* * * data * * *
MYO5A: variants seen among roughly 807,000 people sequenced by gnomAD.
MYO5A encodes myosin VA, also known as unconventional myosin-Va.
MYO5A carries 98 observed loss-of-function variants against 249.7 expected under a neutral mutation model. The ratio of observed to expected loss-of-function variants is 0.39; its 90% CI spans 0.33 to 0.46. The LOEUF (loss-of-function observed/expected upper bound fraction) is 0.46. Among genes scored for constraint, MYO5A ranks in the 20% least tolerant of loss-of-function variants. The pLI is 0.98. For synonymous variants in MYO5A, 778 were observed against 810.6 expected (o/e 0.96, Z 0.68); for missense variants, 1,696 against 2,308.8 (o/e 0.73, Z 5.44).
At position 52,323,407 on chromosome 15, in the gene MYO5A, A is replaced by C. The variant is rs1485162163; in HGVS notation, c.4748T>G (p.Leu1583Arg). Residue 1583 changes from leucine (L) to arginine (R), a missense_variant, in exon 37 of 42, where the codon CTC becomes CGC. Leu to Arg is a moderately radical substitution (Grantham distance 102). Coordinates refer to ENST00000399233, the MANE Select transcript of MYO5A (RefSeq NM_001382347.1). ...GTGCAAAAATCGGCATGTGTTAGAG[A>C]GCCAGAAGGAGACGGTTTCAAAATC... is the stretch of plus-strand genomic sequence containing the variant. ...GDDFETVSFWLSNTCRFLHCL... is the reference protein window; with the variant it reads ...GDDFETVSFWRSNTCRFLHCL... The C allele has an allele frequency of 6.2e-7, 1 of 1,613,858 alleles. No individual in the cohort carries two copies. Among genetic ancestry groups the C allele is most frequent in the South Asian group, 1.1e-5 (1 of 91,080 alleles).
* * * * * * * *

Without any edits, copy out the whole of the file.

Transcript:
MYO5A: variants seen among roughly 807,000 people sequenced by gnomAD.
MYO5A encodes myosin VA, also known as unconventional myosin-Va.
MYO5A carries 98 observed loss-of-function variants against 249.7 expected under a neutral mutation model. The ratio of observed to expected loss-of-function variants is 0.39; its 90% CI spans 0.33 to 0.46. The LOEUF (loss-of-function observed/expected upper bound fraction) is 0.46. Among genes scored for constraint, MYO5A ranks in the 20% least tolerant of loss-of-function variants. The pLI is 0.98. For synonymous variants in MYO5A, 778 were observed against 810.6 expected (o/e 0.96, Z 0.68); for missense variants, 1,696 against 2,308.8 (o/e 0.73, Z 5.44).
At position 52,323,407 on chromosome 15, in the gene MYO5A, A is replaced by C. The variant is rs1485162163; in HGVS notation, c.4748T>G (p.Leu1583Arg). Residue 1583 changes from leucine (L) to arginine (R), a missense_variant, in exon 37 of 42, where the codon CTC becomes CGC. Leu to Arg is a moderately radical substitution (Grantham distance 102). Coordinates refer to ENST00000399233, the MANE Select transcript of MYO5A (RefSeq NM_001382347.1). ...GTGCAAAAATCGGCATGTGTTAGAG[A>C]GCCAGAAGGAGACGGTTTCAAAATC... is the stretch of plus-strand genomic sequence containing the variant. ...GDDFETVSFWLSNTCRFLHCL... is the reference protein window; with the variant it reads ...GDDFETVSFWRSNTCRFLHCL... The C allele has an allele frequency of 6.2e-7, 1 of 1,613,858 alleles. No individual in the cohort carries two copies. Among genetic ancestry groups the C allele is most frequent in the South Asian group, 1.1e-5 (1 of 91,080 alleles).